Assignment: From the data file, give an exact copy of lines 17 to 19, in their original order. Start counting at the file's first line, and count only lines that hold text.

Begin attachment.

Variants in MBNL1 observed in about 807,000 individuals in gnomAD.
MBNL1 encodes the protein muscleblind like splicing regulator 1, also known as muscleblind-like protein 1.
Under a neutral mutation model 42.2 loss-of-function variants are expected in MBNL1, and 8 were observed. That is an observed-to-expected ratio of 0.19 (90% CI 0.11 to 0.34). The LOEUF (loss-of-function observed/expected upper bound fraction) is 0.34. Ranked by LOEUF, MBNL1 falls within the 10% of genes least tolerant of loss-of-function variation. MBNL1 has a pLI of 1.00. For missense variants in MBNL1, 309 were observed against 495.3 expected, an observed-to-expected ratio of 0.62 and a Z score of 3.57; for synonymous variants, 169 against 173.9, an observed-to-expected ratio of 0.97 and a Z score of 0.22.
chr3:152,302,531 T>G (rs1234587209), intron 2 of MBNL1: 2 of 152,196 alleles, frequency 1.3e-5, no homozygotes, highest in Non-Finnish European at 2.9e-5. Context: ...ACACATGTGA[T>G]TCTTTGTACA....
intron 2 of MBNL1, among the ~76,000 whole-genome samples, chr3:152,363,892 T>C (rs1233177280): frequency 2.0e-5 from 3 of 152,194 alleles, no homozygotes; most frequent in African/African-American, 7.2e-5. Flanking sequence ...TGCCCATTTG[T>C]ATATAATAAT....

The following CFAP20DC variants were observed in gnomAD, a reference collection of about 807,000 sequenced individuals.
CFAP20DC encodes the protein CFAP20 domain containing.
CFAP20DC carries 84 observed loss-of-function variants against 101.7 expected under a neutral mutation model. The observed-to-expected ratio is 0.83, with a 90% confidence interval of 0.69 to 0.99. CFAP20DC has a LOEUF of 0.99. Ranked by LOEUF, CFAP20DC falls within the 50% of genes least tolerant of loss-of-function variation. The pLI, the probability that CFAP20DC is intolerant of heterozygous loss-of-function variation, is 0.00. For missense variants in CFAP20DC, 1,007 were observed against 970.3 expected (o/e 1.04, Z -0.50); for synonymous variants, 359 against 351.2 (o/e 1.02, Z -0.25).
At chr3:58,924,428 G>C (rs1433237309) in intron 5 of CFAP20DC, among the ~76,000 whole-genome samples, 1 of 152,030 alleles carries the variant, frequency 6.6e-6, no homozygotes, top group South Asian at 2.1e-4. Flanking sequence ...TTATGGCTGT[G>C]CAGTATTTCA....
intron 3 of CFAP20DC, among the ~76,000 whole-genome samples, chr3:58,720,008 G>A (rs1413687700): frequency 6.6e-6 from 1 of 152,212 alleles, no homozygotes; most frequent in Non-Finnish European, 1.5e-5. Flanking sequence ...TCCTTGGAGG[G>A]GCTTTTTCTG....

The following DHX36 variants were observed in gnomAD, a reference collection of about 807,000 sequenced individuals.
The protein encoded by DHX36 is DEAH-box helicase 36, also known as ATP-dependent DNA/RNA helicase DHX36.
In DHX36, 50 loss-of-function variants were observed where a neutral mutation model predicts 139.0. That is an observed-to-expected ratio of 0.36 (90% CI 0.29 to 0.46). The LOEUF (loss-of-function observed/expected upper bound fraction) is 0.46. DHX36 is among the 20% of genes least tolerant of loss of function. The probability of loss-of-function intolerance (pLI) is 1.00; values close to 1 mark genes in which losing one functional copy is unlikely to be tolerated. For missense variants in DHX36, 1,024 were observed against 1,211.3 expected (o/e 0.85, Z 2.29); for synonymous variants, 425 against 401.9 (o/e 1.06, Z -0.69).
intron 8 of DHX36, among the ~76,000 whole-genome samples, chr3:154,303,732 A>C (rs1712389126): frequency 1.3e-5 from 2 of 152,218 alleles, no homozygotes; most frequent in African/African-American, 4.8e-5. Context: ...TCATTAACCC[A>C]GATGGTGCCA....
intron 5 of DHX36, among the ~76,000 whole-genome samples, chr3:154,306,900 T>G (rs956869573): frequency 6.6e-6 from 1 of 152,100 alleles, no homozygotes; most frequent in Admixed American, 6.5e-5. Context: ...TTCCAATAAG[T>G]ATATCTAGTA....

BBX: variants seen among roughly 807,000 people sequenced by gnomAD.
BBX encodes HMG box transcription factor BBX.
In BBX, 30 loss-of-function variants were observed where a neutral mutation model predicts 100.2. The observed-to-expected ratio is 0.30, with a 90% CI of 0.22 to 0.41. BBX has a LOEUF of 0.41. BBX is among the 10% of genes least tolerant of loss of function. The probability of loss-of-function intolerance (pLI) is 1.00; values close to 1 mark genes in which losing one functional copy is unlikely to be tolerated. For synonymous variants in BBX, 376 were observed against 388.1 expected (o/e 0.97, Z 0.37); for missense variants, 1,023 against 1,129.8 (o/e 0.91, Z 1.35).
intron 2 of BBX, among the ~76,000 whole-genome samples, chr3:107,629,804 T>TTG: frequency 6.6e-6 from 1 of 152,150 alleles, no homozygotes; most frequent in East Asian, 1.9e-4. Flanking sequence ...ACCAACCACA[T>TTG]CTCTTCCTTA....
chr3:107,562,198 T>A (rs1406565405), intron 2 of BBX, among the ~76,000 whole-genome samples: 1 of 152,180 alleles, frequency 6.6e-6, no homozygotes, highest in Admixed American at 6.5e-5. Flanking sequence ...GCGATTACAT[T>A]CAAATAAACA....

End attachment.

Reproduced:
BBX encodes HMG box transcription factor BBX.
In BBX, 30 loss-of-function variants were observed where a neutral mutation model predicts 100.2. The observed-to-expected ratio is 0.30, with a 90% CI of 0.22 to 0.41. BBX has a LOEUF of 0.41. BBX is among the 10% of genes least tolerant of loss of function. The probability of loss-of-function intolerance (pLI) is 1.00; values close to 1 mark genes in which losing one functional copy is unlikely to be tolerated. For synonymous variants in BBX, 376 were observed against 388.1 expected (o/e 0.97, Z 0.37); for missense variants, 1,023 against 1,129.8 (o/e 0.91, Z 1.35).
intron 2 of BBX, among the ~76,000 whole-genome samples, chr3:107,629,804 T>TTG: frequency 6.6e-6 from 1 of 152,150 alleles, no homozygotes; most frequent in East Asian, 1.9e-4. Flanking sequence ...ACCAACCACA[T>TTG]CTCTTCCTTA....